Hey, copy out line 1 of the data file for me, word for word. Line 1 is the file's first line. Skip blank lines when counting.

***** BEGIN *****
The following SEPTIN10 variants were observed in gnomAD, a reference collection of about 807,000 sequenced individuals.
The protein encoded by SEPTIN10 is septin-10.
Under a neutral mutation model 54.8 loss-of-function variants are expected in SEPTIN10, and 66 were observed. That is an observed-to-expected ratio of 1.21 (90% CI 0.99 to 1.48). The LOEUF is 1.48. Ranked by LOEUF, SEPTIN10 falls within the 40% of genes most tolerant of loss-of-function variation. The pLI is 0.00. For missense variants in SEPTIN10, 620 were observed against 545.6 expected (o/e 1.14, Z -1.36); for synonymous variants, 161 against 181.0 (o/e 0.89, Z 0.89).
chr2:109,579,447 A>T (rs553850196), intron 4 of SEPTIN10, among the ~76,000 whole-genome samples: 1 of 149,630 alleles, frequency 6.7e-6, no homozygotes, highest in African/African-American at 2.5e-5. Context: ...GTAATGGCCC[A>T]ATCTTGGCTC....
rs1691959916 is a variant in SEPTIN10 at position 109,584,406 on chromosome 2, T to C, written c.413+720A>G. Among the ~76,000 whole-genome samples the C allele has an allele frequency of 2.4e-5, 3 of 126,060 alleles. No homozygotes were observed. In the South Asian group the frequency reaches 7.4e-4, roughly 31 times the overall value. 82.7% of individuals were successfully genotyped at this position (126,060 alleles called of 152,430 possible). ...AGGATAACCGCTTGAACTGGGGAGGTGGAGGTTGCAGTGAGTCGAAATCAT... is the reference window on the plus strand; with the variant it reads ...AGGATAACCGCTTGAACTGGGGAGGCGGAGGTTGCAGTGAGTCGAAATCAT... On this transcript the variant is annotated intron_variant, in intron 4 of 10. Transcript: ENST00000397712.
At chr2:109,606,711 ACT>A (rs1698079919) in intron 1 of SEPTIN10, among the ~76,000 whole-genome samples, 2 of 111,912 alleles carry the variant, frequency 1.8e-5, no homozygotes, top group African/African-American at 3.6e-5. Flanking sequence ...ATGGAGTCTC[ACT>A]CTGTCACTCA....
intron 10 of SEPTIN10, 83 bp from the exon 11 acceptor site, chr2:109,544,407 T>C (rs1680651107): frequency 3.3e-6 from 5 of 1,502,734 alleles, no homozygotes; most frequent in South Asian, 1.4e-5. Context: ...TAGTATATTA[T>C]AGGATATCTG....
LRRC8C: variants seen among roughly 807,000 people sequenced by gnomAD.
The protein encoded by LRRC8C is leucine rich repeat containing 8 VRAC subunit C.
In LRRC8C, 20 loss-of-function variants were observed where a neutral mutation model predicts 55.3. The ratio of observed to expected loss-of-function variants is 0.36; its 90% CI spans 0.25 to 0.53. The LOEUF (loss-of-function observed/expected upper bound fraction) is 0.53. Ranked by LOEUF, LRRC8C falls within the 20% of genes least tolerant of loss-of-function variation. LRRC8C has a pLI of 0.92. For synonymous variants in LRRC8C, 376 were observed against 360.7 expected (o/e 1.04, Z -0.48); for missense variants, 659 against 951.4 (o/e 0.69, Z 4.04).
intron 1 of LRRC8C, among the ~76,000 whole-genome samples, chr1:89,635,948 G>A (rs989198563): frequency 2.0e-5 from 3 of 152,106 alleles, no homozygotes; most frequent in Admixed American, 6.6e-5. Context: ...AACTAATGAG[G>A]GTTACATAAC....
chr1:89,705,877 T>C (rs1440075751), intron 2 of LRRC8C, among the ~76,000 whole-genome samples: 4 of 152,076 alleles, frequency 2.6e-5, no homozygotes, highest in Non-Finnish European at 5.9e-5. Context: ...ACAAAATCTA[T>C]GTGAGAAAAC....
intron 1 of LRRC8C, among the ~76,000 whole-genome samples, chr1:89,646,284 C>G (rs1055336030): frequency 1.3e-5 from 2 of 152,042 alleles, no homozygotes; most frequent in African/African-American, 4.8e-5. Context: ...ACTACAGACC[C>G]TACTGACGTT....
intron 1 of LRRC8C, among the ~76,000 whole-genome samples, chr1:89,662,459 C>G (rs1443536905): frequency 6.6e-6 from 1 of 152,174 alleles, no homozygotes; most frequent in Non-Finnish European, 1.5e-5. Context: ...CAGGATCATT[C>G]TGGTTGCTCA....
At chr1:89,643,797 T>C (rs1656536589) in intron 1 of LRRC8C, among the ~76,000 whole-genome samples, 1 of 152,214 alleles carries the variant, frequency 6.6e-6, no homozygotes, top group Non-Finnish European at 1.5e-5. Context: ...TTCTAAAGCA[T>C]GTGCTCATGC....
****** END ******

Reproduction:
The following SEPTIN10 variants were observed in gnomAD, a reference collection of about 807,000 sequenced individuals.